West Palm man has every childhood toy you wish you hadn’t thrown away

Updated Jan 18, 2018
Joel Magee among his treasures at his home near West Palm Beach. (Meghan McCarthy/ The Palm Beach Post)

On their first date, he asked her what she collected.

When she said, “stamps,” he gave her another chance.

“What’s your favorite TV show from when you were growing up?” he asked.

When she answered, “The original Charlie’s Angels,” he told her she should start collecting “Charlie’s Angels” toys.

And in that way, Kimmie Magee acquired a hobby and a husband, Joel Magee, a vintage toy collector who calls himself the Toy Scout.

“He’s just a big kid at heart,” Kimmie says.

Joel travels around the country buying and selling toys, forever answering the question, “What is my Shirley Temple doll/HotWheels track/TJ Hooker police set worth?

He’s also the new Disney expert on the reality show, “Pawn Stars” and is developing his own show, to be called “The Toy Scout.”

The couple designed a 10,000 square-foot, $1 million house in a gated enclave west of West Palm Beach with a gigantic gallery room to display what Joel says is the world’s largest private collection of props from Disneyland and Walt Disney World.

For a Baby Boomer like me, visiting is like stepping into my family’s old toy closet, but better.

In the living room, a 7-foot tall toy soldier from the Disney movie version of “Babes in Toyland,” stands guard near the sofa.

“They only built them for show,” says Joel. “See, his neck is a painted coffee can.”

A spectacular Wurlitzer jukebox glows from its specially designed niche. A poster from Disneyland’s 20,000 Leagues Under the Sea ride hangs above the stairs.

“After the movie came out, Walt (Mr. Disney, to the rest of us) moved the entire set to Disneyland,” said Magee. “When Walt realized the park needed some color and pizzazz, he put up these colorful posters all over the park, advertising rides and restaurants.”

Magee says he has a complete set of elaborately silk screened Disneyland posters, dating from 1955 to 1969, now worth hundreds of thousands of dollars.

Next stop on the tour is Magee’s office, lined with shelves holding neatly stacked artifacts of mostly pre-1970’s childhoods.

Nostalgia central.

A Major Matt Mason astronaut set. A robot from “Lost in Space.” A Justice League of America Batman set in its original box.

“That one was distributed only in the Chicago area and only five or six are known to exist,” said Magee. “It’s worth $20,000 to $25,000.”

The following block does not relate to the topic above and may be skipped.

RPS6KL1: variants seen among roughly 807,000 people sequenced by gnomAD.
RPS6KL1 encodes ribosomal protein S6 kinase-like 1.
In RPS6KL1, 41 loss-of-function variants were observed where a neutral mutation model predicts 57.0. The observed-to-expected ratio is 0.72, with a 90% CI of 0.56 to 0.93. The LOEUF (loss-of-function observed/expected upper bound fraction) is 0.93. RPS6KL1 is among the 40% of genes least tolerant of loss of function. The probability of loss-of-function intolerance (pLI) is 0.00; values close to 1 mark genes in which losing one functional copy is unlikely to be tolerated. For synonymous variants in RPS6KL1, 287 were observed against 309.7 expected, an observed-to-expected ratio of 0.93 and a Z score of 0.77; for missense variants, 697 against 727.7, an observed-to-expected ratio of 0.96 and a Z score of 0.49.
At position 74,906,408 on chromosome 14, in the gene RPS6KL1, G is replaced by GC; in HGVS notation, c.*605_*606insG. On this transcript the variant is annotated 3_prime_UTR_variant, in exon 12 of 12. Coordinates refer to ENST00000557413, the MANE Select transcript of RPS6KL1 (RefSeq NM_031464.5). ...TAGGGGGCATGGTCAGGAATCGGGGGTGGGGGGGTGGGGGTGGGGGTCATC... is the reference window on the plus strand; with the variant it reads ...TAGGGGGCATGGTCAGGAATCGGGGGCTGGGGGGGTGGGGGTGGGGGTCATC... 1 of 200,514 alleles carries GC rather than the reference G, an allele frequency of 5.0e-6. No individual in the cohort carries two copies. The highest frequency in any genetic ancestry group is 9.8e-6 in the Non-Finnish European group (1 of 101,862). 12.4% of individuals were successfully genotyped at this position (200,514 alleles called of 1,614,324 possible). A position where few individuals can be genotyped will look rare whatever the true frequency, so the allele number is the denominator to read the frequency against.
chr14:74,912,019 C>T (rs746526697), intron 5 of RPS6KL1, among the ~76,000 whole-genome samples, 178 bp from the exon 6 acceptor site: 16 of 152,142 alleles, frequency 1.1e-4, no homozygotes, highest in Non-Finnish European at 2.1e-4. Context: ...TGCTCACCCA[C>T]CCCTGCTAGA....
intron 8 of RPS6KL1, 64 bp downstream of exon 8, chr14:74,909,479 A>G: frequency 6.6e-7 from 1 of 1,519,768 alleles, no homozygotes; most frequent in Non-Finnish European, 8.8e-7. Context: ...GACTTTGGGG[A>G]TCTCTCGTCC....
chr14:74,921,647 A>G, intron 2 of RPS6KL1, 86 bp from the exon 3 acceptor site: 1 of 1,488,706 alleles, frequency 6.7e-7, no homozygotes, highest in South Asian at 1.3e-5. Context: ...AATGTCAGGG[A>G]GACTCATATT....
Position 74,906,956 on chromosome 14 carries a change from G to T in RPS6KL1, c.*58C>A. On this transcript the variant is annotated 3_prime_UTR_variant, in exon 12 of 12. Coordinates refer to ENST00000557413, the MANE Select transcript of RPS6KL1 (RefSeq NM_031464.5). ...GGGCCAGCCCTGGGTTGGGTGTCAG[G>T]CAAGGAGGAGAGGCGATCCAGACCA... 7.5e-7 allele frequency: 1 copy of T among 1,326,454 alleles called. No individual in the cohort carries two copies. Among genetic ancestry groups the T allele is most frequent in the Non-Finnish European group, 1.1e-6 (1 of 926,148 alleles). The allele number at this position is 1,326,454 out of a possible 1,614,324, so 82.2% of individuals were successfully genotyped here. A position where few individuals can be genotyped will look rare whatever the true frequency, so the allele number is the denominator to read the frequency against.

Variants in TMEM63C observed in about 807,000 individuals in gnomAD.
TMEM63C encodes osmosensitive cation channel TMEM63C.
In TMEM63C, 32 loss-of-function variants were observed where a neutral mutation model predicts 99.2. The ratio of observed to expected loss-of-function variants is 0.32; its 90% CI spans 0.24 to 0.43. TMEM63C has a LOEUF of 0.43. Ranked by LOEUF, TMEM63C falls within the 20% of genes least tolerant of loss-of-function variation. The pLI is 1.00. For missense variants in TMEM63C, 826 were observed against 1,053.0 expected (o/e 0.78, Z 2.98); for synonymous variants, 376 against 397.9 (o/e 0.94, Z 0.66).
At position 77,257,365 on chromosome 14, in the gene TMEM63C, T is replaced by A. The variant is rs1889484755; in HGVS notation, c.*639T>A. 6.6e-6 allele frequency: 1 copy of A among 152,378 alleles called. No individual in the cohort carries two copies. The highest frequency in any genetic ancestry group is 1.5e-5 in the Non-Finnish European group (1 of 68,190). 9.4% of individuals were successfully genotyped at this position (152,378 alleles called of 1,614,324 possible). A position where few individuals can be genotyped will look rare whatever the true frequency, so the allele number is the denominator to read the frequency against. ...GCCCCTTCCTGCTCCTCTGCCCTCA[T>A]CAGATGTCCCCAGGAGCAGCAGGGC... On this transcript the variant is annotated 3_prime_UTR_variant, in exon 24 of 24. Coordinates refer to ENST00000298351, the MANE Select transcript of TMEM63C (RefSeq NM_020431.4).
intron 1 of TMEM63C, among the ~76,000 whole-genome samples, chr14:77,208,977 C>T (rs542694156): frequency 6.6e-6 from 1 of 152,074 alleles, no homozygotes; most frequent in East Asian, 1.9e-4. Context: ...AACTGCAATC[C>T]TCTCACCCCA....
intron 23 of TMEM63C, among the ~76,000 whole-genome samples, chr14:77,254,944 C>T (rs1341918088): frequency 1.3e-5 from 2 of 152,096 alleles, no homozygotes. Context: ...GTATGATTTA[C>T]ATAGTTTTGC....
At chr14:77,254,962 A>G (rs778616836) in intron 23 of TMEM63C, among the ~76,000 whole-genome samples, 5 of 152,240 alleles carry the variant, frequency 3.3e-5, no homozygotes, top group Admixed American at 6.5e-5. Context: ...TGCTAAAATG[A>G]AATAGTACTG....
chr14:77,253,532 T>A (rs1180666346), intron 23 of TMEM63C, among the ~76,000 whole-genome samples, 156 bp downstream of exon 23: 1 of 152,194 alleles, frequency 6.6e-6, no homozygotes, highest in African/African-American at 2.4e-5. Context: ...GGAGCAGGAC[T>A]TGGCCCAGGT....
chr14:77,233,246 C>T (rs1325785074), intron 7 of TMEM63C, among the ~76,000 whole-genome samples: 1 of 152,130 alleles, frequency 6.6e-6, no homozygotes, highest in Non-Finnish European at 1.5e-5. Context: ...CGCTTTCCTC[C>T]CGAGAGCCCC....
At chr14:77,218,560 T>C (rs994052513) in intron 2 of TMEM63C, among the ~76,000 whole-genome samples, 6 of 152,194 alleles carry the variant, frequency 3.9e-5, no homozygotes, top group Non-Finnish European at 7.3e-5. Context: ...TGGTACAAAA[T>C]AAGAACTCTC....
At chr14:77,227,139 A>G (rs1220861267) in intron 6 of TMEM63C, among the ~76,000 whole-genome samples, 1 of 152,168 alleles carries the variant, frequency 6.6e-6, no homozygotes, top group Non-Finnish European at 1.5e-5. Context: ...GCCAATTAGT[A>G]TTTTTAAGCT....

And a Tabitha doll from the “Bewitched” TV show.

“It’s the only one known in mint condition in its original box,” said Magee. “It’s worth $8,000 to $12,000.”

One shelf holds Magee’s on-ramp to a 30-year career in the toy business: dozens of character lunch boxes, priced from $300 to $500.

He was in his early 20s when he spotted a GI Joe lunchbox at a flea market near Sioux City, Iowa, where he grew up. It was just like the one that carried his PBJs to school years earlier.

“I had to have it,” he said. “From then on, I went on a mission to reclaim my childhood toys.”

Some are toys he owned; a lot more are toys he wishes his family could have afforded.

“I was never deprived but we didn’t have the funds to have the ultimate toy childhood that I wanted,” said Magee, 57, who has a grown daughter and one grandchild.

Magee spends a lot of time thinking about childhood — reliving it, some might say. He contends that a child’s best memories are made between ages 7 to 12, before puberty hijacks the brain, among other body parts.

Collecting toys segued into selling toys. He holds events in hotel meeting rooms across the country where people bring him dusty boxes from basements, attics and closets, a kind of antique toy roadshow.

The country’s best toy chests are in Midwestern cities such as Omaha, he said, where homes seem to be stuffed with the detritus of generations of childhoods.

“Any place there’s winter, with kids locked inside in a blizzard, parents bought them toys to keep them happy,” said Magee. “Midwesterners didn’t move around as much, so they never emptied their attics. On trips there, I always find something I’ve never seen before. People in Florida, without attics, got rid of stuff before moving down here.”